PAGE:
It is time for the state of Washington to adopt legislation acknowledging the human right to water.
The Hirst Decision has created an impenetrable roadblock for rural property owners who want to build a home in remote parts of Whatcom County and do not have access to municipal or non-municipal water systems. Since the Hirst Decision became the law of the land, Whatcom County has determined that new homes dependent on a well as the primary source of water must be evaluated by a state-approved hydro-geologist, before a building permit application can be submitted. If Whatcom County Planning and Development Services has questions about the validity of the evaluation, it can request a second evaluation from an independent hydro-geologist of its own choosing. Naturally, the permit applicant has to pay for both studies.
As a case in point, last February, the owner a piece of property on Vedder Mountain submitted an application for a building permit. The applicant’s hydro-geologist determined the proposed well was in a small basin that is considered endorheic—a topographically closed basin. This means the basin retains water but the water leaves the basin via evaporation and seepage, it does not flow out to other ground or surface water bodies. A second consultant, Associated Earth Sciences, Inc., retained by the planning department to conduct an independent review of the permit applicant’s evaluation, told the county, “It is clear that the Camassia report does not provide the information necessary to evaluate if the use of the proposed well will have an impact on nearby regulated surface waters or impair other nearby senior water rights.” Mr. Lindsay, the author of the Associated Earth Science evaluation states, “…it should also be noted that the currently accepted regulatory standard with regard to impacts to a regulated surface water body is one molecule.”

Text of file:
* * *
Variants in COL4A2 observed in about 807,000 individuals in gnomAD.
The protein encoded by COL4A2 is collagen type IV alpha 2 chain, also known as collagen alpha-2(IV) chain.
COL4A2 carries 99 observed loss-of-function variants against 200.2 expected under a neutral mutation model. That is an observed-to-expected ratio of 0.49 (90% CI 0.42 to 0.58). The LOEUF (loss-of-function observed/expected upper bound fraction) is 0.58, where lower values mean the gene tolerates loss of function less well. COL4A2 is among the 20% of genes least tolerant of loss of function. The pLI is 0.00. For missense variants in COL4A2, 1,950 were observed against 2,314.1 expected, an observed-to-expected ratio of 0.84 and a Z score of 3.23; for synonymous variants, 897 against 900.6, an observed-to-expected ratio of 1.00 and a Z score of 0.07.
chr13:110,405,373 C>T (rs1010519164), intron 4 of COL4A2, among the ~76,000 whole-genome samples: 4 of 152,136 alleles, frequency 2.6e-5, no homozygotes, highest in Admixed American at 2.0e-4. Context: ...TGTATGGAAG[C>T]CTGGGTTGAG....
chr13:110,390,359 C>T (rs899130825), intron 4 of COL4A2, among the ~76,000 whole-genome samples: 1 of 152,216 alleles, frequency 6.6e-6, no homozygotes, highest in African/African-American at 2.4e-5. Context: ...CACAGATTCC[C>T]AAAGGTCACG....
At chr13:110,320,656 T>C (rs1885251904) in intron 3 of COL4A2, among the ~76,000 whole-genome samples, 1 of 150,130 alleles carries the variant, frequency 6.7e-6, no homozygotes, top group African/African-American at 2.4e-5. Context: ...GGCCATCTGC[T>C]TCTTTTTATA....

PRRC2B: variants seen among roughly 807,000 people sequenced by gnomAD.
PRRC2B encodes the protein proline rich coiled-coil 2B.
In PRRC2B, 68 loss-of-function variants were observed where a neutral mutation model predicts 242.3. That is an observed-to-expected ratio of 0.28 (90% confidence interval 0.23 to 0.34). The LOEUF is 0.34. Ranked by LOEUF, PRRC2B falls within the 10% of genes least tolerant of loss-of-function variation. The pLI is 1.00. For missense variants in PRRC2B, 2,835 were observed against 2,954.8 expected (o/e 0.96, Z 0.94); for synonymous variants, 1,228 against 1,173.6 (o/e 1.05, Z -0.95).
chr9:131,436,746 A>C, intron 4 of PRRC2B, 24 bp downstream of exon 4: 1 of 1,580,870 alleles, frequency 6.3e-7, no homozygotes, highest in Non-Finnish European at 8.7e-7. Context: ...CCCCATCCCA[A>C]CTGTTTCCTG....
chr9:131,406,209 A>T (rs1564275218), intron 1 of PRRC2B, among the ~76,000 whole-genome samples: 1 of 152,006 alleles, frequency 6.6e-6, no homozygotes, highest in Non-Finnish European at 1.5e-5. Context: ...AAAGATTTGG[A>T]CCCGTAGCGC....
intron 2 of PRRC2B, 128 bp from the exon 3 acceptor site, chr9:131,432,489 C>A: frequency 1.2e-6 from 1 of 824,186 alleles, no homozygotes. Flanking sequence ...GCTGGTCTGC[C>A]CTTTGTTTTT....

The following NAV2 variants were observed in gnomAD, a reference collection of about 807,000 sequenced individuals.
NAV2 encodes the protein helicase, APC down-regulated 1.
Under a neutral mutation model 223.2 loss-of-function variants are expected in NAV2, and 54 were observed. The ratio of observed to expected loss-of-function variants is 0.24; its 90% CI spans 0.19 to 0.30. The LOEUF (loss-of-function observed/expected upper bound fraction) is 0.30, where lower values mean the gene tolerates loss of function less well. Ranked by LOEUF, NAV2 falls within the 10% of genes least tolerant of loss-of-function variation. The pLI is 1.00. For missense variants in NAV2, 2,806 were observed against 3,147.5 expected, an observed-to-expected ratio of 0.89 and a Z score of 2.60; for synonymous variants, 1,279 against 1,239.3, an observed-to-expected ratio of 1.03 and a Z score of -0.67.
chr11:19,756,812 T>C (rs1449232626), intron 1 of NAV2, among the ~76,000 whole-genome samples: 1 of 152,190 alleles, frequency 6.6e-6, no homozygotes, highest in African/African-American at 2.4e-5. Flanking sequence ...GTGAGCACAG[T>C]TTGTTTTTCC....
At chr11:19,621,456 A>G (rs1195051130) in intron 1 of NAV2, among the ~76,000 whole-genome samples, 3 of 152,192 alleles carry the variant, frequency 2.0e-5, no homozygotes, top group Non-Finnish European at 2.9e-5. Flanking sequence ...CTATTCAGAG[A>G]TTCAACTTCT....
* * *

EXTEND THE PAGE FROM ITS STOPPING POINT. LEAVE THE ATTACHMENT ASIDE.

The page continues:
Washington State Department of Ecology insists it must consider even the most “miniscule impacts of a new water right application, before approving a new water right.” This interpretation, which is defined as the “one molecule” standard, establishes that de minimis impacts constitute impairment, whether or not they are observable or significant. Adoption of this standard means Ecology must deny all applications that appear to have a negative effect on ground water, surface water and instream flows. Because of these impractical standards, Whatcom County’s new rule forcing hopeful property owners to submit a very expensive hydrogeology evaluation of a proposed well should be labeled “mission impossible.”
The county knows they don’t have the groundwater data needed to conduct a review of building permit or subdivision permit applications. Further, it is obvious to anyone who follows Whatcom County Council meetings that they are not one step closer to finding a reasonable or rational solution to this problem. Since implementing the initial Emergency Moratorium on exempt wells, they have done nothing.
In order to bring a measure of common sense to state water policy and law, our government must first acknowledge the human right to water. Unfortunately, neither state nor local government can fix this problem until the governor and state legislature admit our current piecemeal water policies are a major contributing factor to this stalemate. We have created a deadlocked public policy that disproportionally impacts hundreds of thousands of state residents who are living in poverty and/or in unincorporated areas that lack access to public water and sewer systems.
It is time for the state of Washington to adopt legislation that formally recognizes the human right to water. Yes, we love our salmon, the Salish Sea, our breathtaking wilderness and meandering rivers. It is the unique beauty of this area that brought our ancestors—and subsequently several million transplants—here to build their homes and businesses.